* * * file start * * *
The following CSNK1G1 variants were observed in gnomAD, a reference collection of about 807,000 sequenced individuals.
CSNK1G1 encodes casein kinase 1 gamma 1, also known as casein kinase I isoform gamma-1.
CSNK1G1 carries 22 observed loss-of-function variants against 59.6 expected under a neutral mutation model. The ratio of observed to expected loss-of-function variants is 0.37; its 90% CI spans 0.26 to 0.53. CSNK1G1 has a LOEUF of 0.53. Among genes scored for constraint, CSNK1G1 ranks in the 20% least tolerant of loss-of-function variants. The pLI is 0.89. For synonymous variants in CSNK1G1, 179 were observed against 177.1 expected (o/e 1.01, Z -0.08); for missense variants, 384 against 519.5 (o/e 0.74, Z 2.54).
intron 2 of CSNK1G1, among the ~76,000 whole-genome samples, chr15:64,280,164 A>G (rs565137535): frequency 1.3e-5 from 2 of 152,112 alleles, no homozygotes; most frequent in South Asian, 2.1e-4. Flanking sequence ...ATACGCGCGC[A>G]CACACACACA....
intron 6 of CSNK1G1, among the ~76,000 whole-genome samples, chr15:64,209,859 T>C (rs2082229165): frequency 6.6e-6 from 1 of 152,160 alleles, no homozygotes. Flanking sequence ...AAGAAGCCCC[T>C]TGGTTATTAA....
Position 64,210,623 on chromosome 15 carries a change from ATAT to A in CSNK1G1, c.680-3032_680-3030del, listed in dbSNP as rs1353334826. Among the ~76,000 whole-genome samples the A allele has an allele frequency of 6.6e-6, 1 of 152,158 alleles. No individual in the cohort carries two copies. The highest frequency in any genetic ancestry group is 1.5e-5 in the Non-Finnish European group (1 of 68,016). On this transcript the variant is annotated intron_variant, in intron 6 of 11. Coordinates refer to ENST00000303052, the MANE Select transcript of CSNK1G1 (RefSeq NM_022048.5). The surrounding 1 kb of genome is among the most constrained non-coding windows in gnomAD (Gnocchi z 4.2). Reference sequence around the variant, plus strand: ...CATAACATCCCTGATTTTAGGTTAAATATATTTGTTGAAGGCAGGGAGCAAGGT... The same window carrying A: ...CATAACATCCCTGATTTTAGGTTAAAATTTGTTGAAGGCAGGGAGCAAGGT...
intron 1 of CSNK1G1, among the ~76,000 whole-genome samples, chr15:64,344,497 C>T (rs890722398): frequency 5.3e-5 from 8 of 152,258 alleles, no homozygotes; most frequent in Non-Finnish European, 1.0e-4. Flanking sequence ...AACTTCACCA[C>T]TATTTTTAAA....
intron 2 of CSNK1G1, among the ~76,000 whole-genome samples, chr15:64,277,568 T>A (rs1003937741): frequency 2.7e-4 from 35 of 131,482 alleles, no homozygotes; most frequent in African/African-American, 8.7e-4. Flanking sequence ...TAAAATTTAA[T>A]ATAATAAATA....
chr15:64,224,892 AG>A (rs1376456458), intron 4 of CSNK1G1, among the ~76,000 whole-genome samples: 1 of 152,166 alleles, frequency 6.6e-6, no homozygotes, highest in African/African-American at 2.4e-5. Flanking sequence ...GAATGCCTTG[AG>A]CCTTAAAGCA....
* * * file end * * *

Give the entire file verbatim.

The following CSNK1G1 variants were observed in gnomAD, a reference collection of about 807,000 sequenced individuals.
CSNK1G1 encodes casein kinase 1 gamma 1, also known as casein kinase I isoform gamma-1.
CSNK1G1 carries 22 observed loss-of-function variants against 59.6 expected under a neutral mutation model. The ratio of observed to expected loss-of-function variants is 0.37; its 90% CI spans 0.26 to 0.53. CSNK1G1 has a LOEUF of 0.53. Among genes scored for constraint, CSNK1G1 ranks in the 20% least tolerant of loss-of-function variants. The pLI is 0.89. For synonymous variants in CSNK1G1, 179 were observed against 177.1 expected (o/e 1.01, Z -0.08); for missense variants, 384 against 519.5 (o/e 0.74, Z 2.54).
intron 2 of CSNK1G1, among the ~76,000 whole-genome samples, chr15:64,280,164 A>G (rs565137535): frequency 1.3e-5 from 2 of 152,112 alleles, no homozygotes; most frequent in South Asian, 2.1e-4. Flanking sequence ...ATACGCGCGC[A>G]CACACACACA....
intron 6 of CSNK1G1, among the ~76,000 whole-genome samples, chr15:64,209,859 T>C (rs2082229165): frequency 6.6e-6 from 1 of 152,160 alleles, no homozygotes. Flanking sequence ...AAGAAGCCCC[T>C]TGGTTATTAA....
Position 64,210,623 on chromosome 15 carries a change from ATAT to A in CSNK1G1, c.680-3032_680-3030del, listed in dbSNP as rs1353334826. Among the ~76,000 whole-genome samples the A allele has an allele frequency of 6.6e-6, 1 of 152,158 alleles. No individual in the cohort carries two copies. The highest frequency in any genetic ancestry group is 1.5e-5 in the Non-Finnish European group (1 of 68,016). On this transcript the variant is annotated intron_variant, in intron 6 of 11. Coordinates refer to ENST00000303052, the MANE Select transcript of CSNK1G1 (RefSeq NM_022048.5). The surrounding 1 kb of genome is among the most constrained non-coding windows in gnomAD (Gnocchi z 4.2). Reference sequence around the variant, plus strand: ...CATAACATCCCTGATTTTAGGTTAAATATATTTGTTGAAGGCAGGGAGCAAGGT... The same window carrying A: ...CATAACATCCCTGATTTTAGGTTAAAATTTGTTGAAGGCAGGGAGCAAGGT...
intron 1 of CSNK1G1, among the ~76,000 whole-genome samples, chr15:64,344,497 C>T (rs890722398): frequency 5.3e-5 from 8 of 152,258 alleles, no homozygotes; most frequent in Non-Finnish European, 1.0e-4. Flanking sequence ...AACTTCACCA[C>T]TATTTTTAAA....
intron 2 of CSNK1G1, among the ~76,000 whole-genome samples, chr15:64,277,568 T>A (rs1003937741): frequency 2.7e-4 from 35 of 131,482 alleles, no homozygotes; most frequent in African/African-American, 8.7e-4. Flanking sequence ...TAAAATTTAA[T>A]ATAATAAATA....
chr15:64,224,892 AG>A (rs1376456458), intron 4 of CSNK1G1, among the ~76,000 whole-genome samples: 1 of 152,166 alleles, frequency 6.6e-6, no homozygotes, highest in African/African-American at 2.4e-5. Flanking sequence ...GAATGCCTTG[AG>A]CCTTAAAGCA....